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Strange things with the Oracle optimizer

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Recently I needed to investigate a performance problem for 2 customers, which turned out to be problematic execution plans. It had the smell of Oracle optimizer bugs all over them.
Although the first one is maybe somewhat self-inflicted injury.
Both environments were using Oracle 12.1.0.2 with the October 2017 patch set.

Case 1: functions on the “left” side

In the first case the client had a large (generated, of course) query, which would run for hours until it eventually failed with an ORA-01555 snapshot too old error.
Investigating the execution plan, I spotted the part where the Oracle optimizer had a completely wrong estimate (expected only 1 row) of the number of returned rows (sql monitor rocks).
This underestimation was further amplified because of the number of nested loops and resulted in a full table scan executed over 2 billion times…

The sql part with the underestimated number of returned rows was something like:

  trunc(snapshotdate) 
    between to_date('01/01/2018','DD/MM/YYYY')  and to_date('31/01/2018', 'DD/MM/YYYY') 

And the Oracle optimizer estimated this would return 1 row. In reality around 144.000 rows would fall between that data range.
Checking the CBO stats, it showed that these were recent and that a frequency histogram was in place for that column (which included the dates used in the predicate).
I then changed the predicate to shift the trunc from the left to the right part (which is best practice anyway).

  snapshotdatum
    between to_date('01/01/2018','DD/MM/YYYY') and to_date('31/01/2018', 'DD/MM/YYYY') + 1 - 1/(24*60*60)

(the date values in the query came from a BO entry screen and could not easily be changed)
This caused the CBO to change the expected rows from 1 to 144.000 and changed the entire execution plan.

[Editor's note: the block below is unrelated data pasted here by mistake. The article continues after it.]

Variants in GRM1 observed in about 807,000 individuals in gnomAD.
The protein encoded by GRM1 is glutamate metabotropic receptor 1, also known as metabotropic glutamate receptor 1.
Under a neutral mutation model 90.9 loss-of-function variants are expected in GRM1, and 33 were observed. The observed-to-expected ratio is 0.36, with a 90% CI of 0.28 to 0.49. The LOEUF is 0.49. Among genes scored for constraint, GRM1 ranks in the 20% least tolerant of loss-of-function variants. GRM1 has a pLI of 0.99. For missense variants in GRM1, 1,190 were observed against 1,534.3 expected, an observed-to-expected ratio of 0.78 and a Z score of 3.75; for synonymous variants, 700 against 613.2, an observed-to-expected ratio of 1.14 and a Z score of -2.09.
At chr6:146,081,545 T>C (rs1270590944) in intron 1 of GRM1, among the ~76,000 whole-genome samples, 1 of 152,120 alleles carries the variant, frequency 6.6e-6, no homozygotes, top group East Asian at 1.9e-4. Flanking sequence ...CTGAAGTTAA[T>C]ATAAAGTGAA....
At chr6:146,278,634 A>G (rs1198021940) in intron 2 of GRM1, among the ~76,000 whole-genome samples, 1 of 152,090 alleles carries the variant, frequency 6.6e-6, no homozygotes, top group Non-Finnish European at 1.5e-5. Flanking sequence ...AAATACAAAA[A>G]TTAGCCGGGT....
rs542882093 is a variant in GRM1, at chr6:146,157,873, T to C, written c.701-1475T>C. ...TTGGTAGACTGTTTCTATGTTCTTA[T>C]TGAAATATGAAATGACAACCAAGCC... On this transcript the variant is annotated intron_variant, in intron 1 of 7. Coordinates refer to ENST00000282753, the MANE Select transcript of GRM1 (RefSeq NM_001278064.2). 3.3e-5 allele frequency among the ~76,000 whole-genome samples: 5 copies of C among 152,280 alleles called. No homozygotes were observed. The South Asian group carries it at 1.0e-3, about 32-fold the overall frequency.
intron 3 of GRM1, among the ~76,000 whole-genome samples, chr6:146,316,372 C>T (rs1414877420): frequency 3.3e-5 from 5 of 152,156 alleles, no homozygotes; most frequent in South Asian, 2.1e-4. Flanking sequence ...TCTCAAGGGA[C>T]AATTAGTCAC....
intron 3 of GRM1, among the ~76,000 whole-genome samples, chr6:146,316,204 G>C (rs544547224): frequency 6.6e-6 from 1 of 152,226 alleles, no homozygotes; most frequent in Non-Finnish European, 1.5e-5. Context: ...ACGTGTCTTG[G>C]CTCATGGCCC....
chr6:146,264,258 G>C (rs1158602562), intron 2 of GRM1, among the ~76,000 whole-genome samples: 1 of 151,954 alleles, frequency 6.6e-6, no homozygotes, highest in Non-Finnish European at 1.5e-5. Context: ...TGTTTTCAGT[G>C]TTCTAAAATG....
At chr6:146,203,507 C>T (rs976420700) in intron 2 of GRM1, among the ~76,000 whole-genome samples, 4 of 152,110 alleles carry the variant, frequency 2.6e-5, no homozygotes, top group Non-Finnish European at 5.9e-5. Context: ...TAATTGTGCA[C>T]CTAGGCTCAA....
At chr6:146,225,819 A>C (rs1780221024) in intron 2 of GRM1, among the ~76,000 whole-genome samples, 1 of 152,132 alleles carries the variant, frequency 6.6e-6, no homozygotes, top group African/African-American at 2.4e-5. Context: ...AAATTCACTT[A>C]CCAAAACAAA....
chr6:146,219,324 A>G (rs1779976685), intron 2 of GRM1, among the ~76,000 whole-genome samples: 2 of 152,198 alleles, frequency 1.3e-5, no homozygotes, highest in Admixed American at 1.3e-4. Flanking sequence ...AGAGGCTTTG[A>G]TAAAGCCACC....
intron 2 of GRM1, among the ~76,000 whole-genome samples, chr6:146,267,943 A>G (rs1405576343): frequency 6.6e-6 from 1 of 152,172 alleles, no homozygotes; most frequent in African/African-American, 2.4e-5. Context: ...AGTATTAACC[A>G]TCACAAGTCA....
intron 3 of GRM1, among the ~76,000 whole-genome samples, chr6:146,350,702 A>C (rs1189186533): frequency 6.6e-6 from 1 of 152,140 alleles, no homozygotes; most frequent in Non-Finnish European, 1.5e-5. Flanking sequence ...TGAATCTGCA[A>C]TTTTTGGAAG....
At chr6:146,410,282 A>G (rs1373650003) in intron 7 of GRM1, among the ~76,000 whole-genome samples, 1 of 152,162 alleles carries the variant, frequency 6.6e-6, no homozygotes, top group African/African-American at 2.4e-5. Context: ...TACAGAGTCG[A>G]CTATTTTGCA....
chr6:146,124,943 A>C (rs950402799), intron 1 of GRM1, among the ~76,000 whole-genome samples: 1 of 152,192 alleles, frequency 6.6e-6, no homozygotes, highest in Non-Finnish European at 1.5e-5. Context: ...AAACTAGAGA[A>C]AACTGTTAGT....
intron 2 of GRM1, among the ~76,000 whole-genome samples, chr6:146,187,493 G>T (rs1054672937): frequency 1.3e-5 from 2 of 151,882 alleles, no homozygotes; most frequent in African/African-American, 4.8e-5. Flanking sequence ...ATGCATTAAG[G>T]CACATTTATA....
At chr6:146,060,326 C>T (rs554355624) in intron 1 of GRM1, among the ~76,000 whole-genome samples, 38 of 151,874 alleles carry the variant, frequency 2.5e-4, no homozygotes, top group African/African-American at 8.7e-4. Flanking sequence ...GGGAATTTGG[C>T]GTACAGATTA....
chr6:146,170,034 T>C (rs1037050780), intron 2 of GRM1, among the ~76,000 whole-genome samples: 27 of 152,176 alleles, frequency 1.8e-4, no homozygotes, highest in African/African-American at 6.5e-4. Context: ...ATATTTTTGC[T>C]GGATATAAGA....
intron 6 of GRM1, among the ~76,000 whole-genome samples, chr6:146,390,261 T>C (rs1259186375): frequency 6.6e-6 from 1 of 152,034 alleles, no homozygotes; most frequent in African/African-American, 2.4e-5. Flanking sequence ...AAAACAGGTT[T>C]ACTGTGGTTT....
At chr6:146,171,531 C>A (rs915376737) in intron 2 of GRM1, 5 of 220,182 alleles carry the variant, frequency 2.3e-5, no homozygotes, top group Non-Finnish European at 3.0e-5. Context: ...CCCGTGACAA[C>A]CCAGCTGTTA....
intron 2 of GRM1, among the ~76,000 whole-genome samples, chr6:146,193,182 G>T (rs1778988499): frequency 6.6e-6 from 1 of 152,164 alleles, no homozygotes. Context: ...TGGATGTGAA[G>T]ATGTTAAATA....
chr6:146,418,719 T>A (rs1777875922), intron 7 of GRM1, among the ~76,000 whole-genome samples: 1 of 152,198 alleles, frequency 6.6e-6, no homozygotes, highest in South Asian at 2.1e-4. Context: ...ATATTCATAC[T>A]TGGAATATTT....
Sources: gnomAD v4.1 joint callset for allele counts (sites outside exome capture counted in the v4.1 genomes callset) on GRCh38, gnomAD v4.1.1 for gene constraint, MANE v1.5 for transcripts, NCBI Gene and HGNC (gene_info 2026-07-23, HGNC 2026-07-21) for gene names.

I continued with building a test case. Which showed that as soon as the trunc was used on the column, the estimated rows dropped to 1.
Cranking up the number of records in the table however showed that the CBO was not just returning 1. But that it calculated the number of returned rows as “num_rows / 100” for an equality predicate and as “num_rows / 400” for a closed range predicate (between). The information from the histograms would be completely ignored.
This shows why you need to build test cases with a significant number of records. Or use the cbo trace to look at the selectivity.

However, it does not explain why on a table of approximately 15 million rows, the CBO would expect 1 row instead of 37.500 (15.000.000/ 400).
I started playing again with the original query, changing the date ranges, when I suddenly noticed that 2 consecutively explain plans were very different.
One had an estimate of 1 row for the date range and the other had 38.163. This corresponds with the number_of_rows/400.
And this was for the exact same query in the same session with no changed parameters (and optimizer_adaptive_features was set to false).
So, my guess is that there is some bug in the optimizer causing this behavior. In the original case, the table and index were partitioned (not on snapshotdate). Possibly playing a role in this.

Changing the predicate to remove the trunc and instead add a time part to the between clause is a better solution anyway. So we decided to implement this and no longer pursue the cause of this bug.

Case 2: nchar and ranges